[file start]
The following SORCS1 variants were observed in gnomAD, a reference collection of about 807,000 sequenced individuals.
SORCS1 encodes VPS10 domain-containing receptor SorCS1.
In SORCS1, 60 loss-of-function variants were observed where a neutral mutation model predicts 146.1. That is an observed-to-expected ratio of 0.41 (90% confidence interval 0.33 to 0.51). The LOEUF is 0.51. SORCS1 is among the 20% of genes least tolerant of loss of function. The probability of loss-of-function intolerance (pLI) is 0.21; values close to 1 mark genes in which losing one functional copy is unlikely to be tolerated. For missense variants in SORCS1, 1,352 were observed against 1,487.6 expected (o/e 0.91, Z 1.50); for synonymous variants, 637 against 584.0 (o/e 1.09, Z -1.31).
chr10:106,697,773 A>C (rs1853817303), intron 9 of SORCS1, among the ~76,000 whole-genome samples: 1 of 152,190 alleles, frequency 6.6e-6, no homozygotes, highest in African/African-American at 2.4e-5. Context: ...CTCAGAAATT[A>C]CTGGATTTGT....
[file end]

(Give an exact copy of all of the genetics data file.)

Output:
The following SORCS1 variants were observed in gnomAD, a reference collection of about 807,000 sequenced individuals.
SORCS1 encodes VPS10 domain-containing receptor SorCS1.
In SORCS1, 60 loss-of-function variants were observed where a neutral mutation model predicts 146.1. That is an observed-to-expected ratio of 0.41 (90% confidence interval 0.33 to 0.51). The LOEUF is 0.51. SORCS1 is among the 20% of genes least tolerant of loss of function. The probability of loss-of-function intolerance (pLI) is 0.21; values close to 1 mark genes in which losing one functional copy is unlikely to be tolerated. For missense variants in SORCS1, 1,352 were observed against 1,487.6 expected (o/e 0.91, Z 1.50); for synonymous variants, 637 against 584.0 (o/e 1.09, Z -1.31).
chr10:106,697,773 A>C (rs1853817303), intron 9 of SORCS1, among the ~76,000 whole-genome samples: 1 of 152,190 alleles, frequency 6.6e-6, no homozygotes, highest in African/African-American at 2.4e-5. Context: ...CTCAGAAATT[A>C]CTGGATTTGT....